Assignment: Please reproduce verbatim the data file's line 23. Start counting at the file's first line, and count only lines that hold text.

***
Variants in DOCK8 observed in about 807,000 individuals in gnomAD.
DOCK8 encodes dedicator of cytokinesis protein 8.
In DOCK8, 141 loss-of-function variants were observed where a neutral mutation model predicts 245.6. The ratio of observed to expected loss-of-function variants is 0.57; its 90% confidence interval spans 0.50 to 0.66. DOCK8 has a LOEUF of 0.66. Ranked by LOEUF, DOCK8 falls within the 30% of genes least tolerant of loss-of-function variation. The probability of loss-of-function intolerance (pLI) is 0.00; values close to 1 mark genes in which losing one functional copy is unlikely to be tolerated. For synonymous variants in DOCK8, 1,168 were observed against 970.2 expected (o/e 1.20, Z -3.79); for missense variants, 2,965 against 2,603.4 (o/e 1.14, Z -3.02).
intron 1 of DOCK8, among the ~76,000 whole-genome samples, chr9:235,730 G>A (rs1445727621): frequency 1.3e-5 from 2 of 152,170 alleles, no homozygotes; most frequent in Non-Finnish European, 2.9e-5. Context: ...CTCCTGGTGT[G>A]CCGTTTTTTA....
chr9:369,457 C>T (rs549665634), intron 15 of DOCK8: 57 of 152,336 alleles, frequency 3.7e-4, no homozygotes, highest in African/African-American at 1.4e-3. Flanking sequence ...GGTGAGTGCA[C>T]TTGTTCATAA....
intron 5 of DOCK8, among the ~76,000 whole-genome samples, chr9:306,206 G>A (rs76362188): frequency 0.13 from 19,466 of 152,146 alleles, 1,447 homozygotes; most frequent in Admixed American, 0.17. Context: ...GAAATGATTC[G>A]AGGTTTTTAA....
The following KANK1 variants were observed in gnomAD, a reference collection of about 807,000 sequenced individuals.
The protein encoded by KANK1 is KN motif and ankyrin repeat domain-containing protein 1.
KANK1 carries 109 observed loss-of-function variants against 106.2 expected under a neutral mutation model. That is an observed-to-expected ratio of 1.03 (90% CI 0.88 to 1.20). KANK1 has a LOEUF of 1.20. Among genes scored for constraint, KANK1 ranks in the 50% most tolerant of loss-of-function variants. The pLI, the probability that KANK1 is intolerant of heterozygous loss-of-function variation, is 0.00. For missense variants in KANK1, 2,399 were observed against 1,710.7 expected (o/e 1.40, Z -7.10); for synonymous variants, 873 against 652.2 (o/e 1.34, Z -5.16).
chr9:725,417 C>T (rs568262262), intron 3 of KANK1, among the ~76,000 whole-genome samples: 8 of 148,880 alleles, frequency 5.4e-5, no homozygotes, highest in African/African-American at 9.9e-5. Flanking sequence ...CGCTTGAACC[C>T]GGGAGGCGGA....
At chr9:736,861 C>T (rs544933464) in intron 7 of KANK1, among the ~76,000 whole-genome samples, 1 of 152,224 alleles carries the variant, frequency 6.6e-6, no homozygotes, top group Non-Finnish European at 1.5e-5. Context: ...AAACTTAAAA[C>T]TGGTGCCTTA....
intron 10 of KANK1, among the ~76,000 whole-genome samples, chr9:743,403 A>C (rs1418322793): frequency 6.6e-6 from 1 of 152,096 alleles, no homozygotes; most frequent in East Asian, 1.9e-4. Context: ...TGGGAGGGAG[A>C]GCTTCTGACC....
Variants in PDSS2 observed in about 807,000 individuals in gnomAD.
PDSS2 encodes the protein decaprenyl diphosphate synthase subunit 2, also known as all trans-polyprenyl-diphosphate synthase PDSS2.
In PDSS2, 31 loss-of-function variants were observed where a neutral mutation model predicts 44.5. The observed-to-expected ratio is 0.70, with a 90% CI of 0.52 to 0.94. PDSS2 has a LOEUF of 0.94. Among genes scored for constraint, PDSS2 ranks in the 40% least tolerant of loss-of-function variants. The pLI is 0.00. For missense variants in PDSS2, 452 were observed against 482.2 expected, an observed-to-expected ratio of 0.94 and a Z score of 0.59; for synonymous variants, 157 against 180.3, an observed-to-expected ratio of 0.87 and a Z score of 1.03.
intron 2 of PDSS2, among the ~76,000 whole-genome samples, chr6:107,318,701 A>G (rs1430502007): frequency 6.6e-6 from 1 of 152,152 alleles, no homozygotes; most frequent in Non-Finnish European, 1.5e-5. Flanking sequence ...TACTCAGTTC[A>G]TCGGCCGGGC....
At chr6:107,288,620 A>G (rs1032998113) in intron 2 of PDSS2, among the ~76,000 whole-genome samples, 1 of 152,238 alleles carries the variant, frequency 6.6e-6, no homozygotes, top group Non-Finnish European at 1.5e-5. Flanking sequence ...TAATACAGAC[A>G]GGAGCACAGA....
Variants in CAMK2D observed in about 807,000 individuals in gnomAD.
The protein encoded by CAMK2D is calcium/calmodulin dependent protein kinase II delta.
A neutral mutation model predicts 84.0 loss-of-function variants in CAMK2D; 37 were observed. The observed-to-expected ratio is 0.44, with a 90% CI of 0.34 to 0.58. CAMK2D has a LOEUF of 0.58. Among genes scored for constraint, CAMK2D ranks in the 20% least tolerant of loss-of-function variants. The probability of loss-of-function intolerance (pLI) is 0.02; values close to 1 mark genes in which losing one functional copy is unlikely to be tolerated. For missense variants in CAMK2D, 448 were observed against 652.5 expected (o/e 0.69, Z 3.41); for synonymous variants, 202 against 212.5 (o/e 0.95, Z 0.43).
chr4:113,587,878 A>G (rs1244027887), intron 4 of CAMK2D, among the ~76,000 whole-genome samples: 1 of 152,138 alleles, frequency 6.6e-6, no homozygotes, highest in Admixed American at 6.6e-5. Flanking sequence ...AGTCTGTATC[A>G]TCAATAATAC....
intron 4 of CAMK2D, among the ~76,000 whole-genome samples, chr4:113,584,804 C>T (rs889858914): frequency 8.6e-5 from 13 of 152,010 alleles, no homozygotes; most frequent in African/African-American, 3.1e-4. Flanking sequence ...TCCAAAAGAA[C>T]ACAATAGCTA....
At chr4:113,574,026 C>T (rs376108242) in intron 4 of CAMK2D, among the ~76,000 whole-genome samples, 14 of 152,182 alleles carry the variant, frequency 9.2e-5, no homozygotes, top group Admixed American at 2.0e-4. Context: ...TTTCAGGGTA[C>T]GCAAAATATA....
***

At chr4:113,574,026 C>T (rs376108242) in intron 4 of CAMK2D, among the ~76,000 whole-genome samples, 14 of 152,182 alleles carry the variant, frequency 9.2e-5, no homozygotes, top group Admixed American at 2.0e-4. Context: ...TTTCAGGGTA[C>T]GCAAAATATA....